On July 26th join Cohen Seglias attorneys Matt Gioffre and Dan Fierstein for their seminar, “Killer Contract Clauses for Construction & Service” for the Mechanical & Service Contractors Association (M&SCA) in Blue Bell, PA. Matt and Dan will explain Killer Contract Clauses, how courts will interpret and enforce them, and will provide best practice tips for managing a project to minimize the impact of these contractual provisions.
We are pleased to announce that eleven Cohen Seglias attorneys were selected to this year’s Pennsylvania Super Lawyers list and eight attorneys to the Pennsylvania Rising Stars list in the areas of Construction Litigation, Government Contracts, Employment & Labor, and Employment Litigation: Defense. The Super Lawyers list recognizes no more than 5 percent of attorneys in each state, and no more than 2.5 percent in each state for the Rising Stars list.
Continue Reading Cohen Seglias Attorneys Selected to the 2017 Pennsylvania Super Lawyers List
In Pennsylvania, it is well-established that a homeowner can assert claims for fraud and violation of Pennsylvania’s consumer protection statute – the Unfair Trade Practices and Consumer Protection Law (“UTPCPL”) – against a contractor based upon the contractor’s representations, even absent any contractual relationship between the homeowner and the contractor. Essentially, where a contractor makes a representation on which reliance is “specially foreseeable” and the homeowner relies upon the representation and sustains damages as a result, the homeowner may have a claim against the contractor. This scenario often comes into play where a homeowner asserts a claim against the builder where the homeowner is not the initial purchaser of the home, but rather a subsequent purchaser. Continue Reading Adams v. Hellings Builders, Inc.: PA Superior Court holds that a homebuilder can be liable for representations made in its promotional materials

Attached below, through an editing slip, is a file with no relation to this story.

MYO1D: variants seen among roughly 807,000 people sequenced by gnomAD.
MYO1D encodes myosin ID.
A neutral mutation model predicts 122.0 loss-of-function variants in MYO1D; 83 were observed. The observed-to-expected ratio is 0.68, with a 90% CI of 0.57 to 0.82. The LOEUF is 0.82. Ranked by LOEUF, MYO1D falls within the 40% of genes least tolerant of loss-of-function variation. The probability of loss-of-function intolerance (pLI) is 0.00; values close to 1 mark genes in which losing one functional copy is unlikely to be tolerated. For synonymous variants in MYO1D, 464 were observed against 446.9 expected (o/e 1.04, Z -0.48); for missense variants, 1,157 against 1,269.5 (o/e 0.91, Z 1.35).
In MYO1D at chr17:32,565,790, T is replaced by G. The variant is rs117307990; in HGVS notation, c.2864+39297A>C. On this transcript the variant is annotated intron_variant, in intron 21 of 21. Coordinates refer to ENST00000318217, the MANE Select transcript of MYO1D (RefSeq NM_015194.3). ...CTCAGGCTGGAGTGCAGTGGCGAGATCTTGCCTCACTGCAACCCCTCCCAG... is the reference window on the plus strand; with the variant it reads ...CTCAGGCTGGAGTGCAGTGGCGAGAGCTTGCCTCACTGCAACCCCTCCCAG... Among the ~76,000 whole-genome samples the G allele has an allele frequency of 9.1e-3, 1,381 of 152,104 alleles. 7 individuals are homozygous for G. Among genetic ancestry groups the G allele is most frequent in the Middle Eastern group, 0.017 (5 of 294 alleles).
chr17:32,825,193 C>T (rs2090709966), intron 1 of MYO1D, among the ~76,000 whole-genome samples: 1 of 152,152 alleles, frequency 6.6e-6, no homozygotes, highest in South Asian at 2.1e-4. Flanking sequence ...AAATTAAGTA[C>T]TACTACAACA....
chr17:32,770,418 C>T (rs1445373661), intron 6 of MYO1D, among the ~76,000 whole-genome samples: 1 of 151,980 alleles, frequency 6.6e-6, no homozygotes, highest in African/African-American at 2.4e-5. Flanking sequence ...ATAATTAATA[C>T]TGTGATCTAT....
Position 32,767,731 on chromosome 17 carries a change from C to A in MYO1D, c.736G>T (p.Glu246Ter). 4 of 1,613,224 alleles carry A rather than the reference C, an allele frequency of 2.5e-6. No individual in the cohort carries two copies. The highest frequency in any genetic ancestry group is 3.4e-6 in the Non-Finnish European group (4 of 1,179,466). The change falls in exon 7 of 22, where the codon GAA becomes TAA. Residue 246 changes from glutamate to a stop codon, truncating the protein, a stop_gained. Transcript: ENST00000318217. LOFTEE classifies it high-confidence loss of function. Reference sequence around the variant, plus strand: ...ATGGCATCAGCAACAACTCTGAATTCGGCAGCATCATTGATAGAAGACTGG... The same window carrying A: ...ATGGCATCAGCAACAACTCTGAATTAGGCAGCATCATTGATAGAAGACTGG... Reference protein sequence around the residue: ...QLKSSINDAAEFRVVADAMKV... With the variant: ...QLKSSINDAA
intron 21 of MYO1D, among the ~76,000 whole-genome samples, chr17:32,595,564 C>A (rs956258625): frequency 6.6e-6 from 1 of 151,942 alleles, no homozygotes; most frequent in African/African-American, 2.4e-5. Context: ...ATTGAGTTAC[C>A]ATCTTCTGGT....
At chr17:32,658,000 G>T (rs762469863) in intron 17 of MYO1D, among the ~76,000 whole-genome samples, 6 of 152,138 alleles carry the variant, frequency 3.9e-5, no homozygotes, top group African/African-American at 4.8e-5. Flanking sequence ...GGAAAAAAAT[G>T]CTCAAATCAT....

By now, you have probably heard enough from us about the new changes to the Pennsylvania Mechanics’ Lien Law. If a newsletter article and several blog posts were not enough, here is one more reminder that the long-anticipated Pennsylvania State Construction Notices Directory is up and running. Already, owners have been active in registering searchable projects. Continue Reading It’s Official: PA Construction Notices Directory Is Up and Running
On January 23, 2017, Philadelphia Mayor Jim Kenney signed into law a wage equity ordinance that makes it unlawful for an employer in the city of Philadelphia to ask about the wage history of a prospective employee at any stage of the hiring process. Under the new law, an employer may not condition employment on the job candidate’s disclosure of their wage history (which includes fringe benefits) or refuse to hire a candidate because of their refusal to respond to an inquiry about their past wages. The ordinance also prohibits employers from relying on a candidate’s wage history in order to determine the amount that it will offer a candidate unless the candidate has “knowingly and willingly” disclosed such information to the employer during the hiring process. Continue Reading Philadelphia Becomes First City to Prohibit Employers from Inquiring About Prospective Employees’ Past Earnings
The new — and much anticipated — Pennsylvania State Construction Notices Directory (“Directory”) is expected to go live this December 31. With this rollout, the PA legislature will have established a statewide directory system for owners to list projects and create a new lien notice requirement for projects in excess of $1.5 million. The Directory for the Pennsylvania Mechanics’ Lien Law, which was signed into law in October 2014, provides the following important changes: Continue Reading PA Construction Notices Directory Goes Live December 31, 2016